1 post tagged Master Limited Partnership
At a time when the United States needs to increase domestic energy production and leaders of both political parties say they support an “all of the above” energy strategy, Congress should level the playing field and give all sources of domestic energy — renewable and non-renewable alike — a fair shot at success in the marketplace.
The federal government should not be in the business of picking winners and losers in the energy market, but for nearly 30 years, that’s exactly what it has been doing with a provision in the tax code that authorizes the formation of master limited partnerships (MLPs). An MLP is a business structure that is taxed as a partnership, but whose ownership interests are traded like corporate stock on a market.
By statute, MLPs have only been available to investors in energy portfolios for oil, natural gas, coal extraction, and pipeline projects. These projects get access to capital at a lower cost and are more liquid than traditional financing approaches to energy projects, making them highly effective at attracting private investment. Investors in renewable energy projects, however, have been explicitly prevented from forming MLPs, starving a growing portion of America’s domestic energy sector of the capital it needs to build and grow.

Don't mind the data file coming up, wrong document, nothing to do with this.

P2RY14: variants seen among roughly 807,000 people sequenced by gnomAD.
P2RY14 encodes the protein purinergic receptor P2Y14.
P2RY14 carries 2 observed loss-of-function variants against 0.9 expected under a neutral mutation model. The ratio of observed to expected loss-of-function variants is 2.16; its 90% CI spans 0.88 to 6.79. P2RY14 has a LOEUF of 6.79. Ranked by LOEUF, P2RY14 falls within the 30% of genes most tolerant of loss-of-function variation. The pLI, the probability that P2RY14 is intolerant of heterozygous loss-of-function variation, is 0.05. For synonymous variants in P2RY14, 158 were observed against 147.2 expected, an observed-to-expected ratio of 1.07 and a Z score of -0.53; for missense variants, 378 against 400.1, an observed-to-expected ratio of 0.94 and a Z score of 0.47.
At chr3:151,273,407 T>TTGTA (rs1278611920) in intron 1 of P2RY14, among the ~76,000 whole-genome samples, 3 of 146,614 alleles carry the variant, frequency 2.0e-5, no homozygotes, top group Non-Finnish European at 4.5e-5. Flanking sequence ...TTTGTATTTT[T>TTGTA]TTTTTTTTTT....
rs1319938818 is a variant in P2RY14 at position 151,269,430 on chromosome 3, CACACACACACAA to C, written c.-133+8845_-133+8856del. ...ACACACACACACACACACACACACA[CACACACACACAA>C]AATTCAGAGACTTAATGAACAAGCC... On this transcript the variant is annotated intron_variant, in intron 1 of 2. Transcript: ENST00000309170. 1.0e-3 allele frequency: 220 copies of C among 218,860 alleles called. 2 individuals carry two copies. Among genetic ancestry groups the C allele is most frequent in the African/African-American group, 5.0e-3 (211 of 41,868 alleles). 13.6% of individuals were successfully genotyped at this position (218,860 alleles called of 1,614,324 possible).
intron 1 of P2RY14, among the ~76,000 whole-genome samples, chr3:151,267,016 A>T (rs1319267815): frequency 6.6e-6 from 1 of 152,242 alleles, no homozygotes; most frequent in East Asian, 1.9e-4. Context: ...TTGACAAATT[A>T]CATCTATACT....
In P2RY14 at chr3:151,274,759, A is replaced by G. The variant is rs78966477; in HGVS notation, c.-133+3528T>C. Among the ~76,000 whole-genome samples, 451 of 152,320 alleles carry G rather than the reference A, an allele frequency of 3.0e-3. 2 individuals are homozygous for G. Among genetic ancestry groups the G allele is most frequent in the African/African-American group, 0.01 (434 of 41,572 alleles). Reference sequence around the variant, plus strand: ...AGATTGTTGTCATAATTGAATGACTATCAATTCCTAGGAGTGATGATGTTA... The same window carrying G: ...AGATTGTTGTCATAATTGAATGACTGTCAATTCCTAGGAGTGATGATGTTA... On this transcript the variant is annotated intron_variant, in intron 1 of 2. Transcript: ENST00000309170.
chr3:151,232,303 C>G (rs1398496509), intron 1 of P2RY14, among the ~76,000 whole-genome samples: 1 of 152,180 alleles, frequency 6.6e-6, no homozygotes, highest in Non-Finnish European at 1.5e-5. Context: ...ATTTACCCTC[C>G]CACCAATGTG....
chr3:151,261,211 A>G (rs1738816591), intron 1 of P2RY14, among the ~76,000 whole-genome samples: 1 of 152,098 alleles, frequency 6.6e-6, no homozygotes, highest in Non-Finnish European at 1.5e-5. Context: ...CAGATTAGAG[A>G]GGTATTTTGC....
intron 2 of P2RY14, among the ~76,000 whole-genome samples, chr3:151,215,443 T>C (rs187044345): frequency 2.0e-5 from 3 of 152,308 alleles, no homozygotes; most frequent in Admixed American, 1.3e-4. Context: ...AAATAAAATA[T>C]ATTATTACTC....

The Master Limited Partnerships Parity Act is a straightforward, powerful tweak to the federal tax code that could unleash significant private capital into the energy market.
The legislation, which is just over 200 words long, would level the playing field between traditional and new energy businesses by helping energy-generation and transmission companies form master limited partnerships, which combine the funding advantages of corporations and the tax advantages of partnerships.
By allowing additional forms of energy development to access this market tool, we can go beyond political rhetoric and start delivering an all-of-the-above energy strategy.